Both companies have agreed to halt legal proceedings, annul the contract, and drop the claims made against each other since both NS and Belgian National Railways (SNCB) withdrew their V250 fleets from service last year. AnsaldoBreda and NS say they both want to avoid a long and expensive legal battle.

AnsaldoBreda has therefore agreed to take back the 16 V250s ordered by NS – nine of which have been delivered – and repay the operator €125m. This still leaves NS shouldering an €88m loss on the purchase, which was worth €213m. In its 2013 annual report, NS calculated that the total loss incurred from the collapse of Fyra and the V250 fiasco would reach €247m.

The settlement of the dispute between AnsaldoBreda and NS enables the manufacturer to begin the search for another buyer for the unwanted V250s. NS will receive a sum from AnsaldoBreda for every one of the trains it is able to sell, up to a maximum of €21m.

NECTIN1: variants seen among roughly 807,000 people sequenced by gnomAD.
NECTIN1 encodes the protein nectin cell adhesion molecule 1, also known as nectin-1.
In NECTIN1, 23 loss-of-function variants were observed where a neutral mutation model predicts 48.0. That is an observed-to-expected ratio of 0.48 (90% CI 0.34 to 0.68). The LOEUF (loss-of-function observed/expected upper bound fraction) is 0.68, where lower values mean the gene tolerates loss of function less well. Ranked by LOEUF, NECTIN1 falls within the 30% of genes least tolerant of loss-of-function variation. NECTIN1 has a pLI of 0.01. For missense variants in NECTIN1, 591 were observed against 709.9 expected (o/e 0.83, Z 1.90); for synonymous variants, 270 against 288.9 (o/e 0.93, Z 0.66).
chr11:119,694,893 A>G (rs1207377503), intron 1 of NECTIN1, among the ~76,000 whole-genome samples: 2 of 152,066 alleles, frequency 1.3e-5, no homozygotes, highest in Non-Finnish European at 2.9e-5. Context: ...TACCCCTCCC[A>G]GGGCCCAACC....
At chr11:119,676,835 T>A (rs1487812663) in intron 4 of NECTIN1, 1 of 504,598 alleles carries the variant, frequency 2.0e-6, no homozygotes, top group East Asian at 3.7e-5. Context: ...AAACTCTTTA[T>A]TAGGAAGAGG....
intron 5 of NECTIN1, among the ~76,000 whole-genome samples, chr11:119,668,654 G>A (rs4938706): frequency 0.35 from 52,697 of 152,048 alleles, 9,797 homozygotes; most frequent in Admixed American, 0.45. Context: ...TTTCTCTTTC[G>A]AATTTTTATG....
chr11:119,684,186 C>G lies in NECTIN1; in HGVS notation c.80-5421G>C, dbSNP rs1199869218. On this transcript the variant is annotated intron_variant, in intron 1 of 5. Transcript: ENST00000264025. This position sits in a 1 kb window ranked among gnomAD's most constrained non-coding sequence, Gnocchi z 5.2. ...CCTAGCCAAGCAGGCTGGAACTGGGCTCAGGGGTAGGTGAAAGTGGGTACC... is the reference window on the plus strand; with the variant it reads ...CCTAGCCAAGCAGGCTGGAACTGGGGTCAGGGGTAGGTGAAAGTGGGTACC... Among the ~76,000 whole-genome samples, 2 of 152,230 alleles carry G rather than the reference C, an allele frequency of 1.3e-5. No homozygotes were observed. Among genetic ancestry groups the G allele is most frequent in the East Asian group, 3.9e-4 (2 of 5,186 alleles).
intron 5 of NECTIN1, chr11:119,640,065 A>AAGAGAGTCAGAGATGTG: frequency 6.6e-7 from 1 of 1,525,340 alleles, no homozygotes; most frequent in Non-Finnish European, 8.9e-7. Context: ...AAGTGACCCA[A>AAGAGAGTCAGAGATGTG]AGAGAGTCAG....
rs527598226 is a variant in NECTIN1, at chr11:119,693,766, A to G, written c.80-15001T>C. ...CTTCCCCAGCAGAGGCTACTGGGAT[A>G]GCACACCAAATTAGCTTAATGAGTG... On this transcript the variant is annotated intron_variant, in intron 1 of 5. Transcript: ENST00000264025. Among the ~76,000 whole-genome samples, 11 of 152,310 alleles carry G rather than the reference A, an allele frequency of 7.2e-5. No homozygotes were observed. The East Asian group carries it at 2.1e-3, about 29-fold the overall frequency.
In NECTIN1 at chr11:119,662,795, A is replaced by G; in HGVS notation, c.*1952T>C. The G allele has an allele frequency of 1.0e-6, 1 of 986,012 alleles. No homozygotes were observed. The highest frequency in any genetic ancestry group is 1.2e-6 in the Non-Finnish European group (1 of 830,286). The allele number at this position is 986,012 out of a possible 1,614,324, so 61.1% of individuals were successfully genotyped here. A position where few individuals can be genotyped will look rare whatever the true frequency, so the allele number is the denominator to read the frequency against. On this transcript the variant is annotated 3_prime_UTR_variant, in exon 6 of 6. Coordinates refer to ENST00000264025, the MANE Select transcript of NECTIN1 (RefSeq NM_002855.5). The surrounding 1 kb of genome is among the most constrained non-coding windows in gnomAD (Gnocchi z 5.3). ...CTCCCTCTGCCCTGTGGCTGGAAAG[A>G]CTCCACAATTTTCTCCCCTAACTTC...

Now there is a principle agreement between NS and Finmeccanica, the two parties will draw up an operational plan to return the trains to Italy.

NS has stated that the conflict has not been about the "robustness of the design of the train, but in particular about acceptable deadlines for repairs and operations, which did not meet NS' needs, and about the financial consequences".

The agreement to stop legal proceedings and drop mutual claims is only between Finmeccanica and NS, and no agreement has so far been reached with SNCB, which ordered 3 V250s but cancelled its contract last May. This case is still being heard at the Dutch Court of Justice in Utrecht.

The return of the V250 high speed train sets to AnsaldoBreda is not the end of the Fyra catastrophe in the Netherlands. The Dutch Parliament is set to launch a parliamentary investigation, and preparations are already well underway with hearings due to start at the end of the year.